I think Canada has it correct with requiring airlines to provide extra seats for clinically obese passengers free of charge. As for those that are not cynically obese, the airlines need to find a way to make everybody happy. In restaurants they have special seats that are "reserved" for disabled patrons, if you are in that seat when a disabled patron comes in, you have to get up and move. They should make seats that are just a few inches wider (amazing what 3" can do).

And Kevin Smith is not so fat that he spills over into other seats... this was clear discrimination.

Should obese passengers be made to purchase two seats? YES!

Should underweight passengers have to share their seat with children since there is space left over? I have had annoying seatmates regardless of size ; are they tracked like complaints about the obese. While this type of discrimination is legal it is still unfair that there is a monetary penalty against one class of passengers. How about the smelly, loud and sick passengers who annoy me? What penalty is given to them?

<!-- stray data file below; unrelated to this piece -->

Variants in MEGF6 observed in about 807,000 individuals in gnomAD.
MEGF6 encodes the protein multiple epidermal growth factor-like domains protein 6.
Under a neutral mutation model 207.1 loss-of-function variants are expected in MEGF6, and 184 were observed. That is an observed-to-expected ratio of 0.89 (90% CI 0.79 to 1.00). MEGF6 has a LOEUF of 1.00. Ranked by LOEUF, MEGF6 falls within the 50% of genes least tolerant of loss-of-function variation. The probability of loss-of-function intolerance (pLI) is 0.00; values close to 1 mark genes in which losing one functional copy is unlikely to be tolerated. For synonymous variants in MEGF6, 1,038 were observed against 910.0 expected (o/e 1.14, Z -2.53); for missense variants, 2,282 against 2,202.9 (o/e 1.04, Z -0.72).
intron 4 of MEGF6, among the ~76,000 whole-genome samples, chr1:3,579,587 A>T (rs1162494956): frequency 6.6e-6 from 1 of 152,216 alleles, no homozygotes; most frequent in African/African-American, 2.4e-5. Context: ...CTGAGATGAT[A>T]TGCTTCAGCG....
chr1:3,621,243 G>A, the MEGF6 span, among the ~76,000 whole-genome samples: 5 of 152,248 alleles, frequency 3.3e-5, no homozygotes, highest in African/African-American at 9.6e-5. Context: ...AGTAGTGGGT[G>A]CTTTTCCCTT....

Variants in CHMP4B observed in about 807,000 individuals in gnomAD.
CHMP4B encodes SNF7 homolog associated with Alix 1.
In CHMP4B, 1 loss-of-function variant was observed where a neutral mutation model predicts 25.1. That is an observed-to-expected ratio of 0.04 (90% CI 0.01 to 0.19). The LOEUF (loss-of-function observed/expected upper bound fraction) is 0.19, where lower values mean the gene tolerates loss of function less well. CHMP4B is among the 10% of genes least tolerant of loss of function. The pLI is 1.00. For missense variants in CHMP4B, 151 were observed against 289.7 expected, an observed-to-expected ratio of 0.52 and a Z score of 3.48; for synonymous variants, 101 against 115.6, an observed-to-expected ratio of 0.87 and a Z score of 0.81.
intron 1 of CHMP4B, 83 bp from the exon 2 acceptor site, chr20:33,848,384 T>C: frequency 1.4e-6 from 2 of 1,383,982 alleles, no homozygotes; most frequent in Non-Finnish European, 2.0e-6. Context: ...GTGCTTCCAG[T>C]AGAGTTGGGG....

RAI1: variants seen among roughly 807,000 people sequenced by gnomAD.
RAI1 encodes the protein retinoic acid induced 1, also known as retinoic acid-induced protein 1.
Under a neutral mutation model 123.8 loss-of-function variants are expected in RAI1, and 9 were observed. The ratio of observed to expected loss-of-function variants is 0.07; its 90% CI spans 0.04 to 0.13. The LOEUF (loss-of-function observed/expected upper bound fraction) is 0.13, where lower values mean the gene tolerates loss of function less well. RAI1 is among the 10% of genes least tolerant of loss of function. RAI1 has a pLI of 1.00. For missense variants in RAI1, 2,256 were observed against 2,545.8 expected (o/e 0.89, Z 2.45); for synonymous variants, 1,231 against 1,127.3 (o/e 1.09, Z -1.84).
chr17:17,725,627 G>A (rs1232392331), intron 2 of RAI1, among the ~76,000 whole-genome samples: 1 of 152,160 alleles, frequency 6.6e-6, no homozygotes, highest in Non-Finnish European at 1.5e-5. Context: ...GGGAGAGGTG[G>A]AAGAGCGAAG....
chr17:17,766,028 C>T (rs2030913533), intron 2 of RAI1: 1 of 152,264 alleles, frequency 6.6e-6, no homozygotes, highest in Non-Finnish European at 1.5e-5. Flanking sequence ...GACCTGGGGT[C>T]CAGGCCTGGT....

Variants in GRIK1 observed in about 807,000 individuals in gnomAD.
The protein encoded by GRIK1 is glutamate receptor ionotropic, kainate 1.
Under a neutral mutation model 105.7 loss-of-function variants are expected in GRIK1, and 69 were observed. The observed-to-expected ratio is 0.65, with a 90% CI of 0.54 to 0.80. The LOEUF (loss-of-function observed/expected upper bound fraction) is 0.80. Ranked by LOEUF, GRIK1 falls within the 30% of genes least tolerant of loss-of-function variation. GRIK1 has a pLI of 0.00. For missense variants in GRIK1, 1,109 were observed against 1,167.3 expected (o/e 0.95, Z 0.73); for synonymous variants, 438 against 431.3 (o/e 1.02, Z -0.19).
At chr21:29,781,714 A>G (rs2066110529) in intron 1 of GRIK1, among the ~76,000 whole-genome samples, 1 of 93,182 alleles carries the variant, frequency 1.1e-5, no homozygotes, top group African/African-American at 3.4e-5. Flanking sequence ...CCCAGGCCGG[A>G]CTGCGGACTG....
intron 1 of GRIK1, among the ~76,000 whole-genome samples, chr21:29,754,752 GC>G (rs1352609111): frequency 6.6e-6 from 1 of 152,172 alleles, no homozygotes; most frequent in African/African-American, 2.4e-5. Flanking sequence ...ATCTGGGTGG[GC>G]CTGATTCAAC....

Physics: More weight needs more fuel to fly.

Human truth: It would not be fair for 5' 8" human weighing 280 pounds should pay more than 6' 6" human who weighs the same.

Problem: 5'8" human occupies 125 to 150% of their allotment of seating space.
6'6" is probably proportioned to a more usual body shape which the seats are designed for.

The 5'8" is responsible for their own additional girth. If they are not handicapped, then they should pay for the extra space. Much like how parents buy seats for children, even though they could possibly ride on the parents laps. It seems more a pragmatic safety issue than human rights issue.

I find it simply amazing how many stand here declaring someone is fat when what is the true definition by these airlines? Is a linebacker from some football team fat? Or is that ok for him to fit himself in one seat because he's a football player. What about the basketball player who is quite tall and squishes himself into ONE seat. Shouldn't he pay for 2 or 3 or even 4 seats! Or let's talk about the offensiveness of someone who SMELLS sitting next to you or the DRUNK. These people should also be dealt with if we feel fat people need to be dealt with. From what I'm reading Kevin Smith fit himself into the seat and could fasten the seatbelt... I think he only needs to buy ONE seat. If you are 500 lbs and can't fasten the seatbelt then maybe you need two seats. I'm sorry but this is all out of hand with discrimination against SO many people. And if we are going to discriminate against someone who is fat then we need to do so against smelly people etc.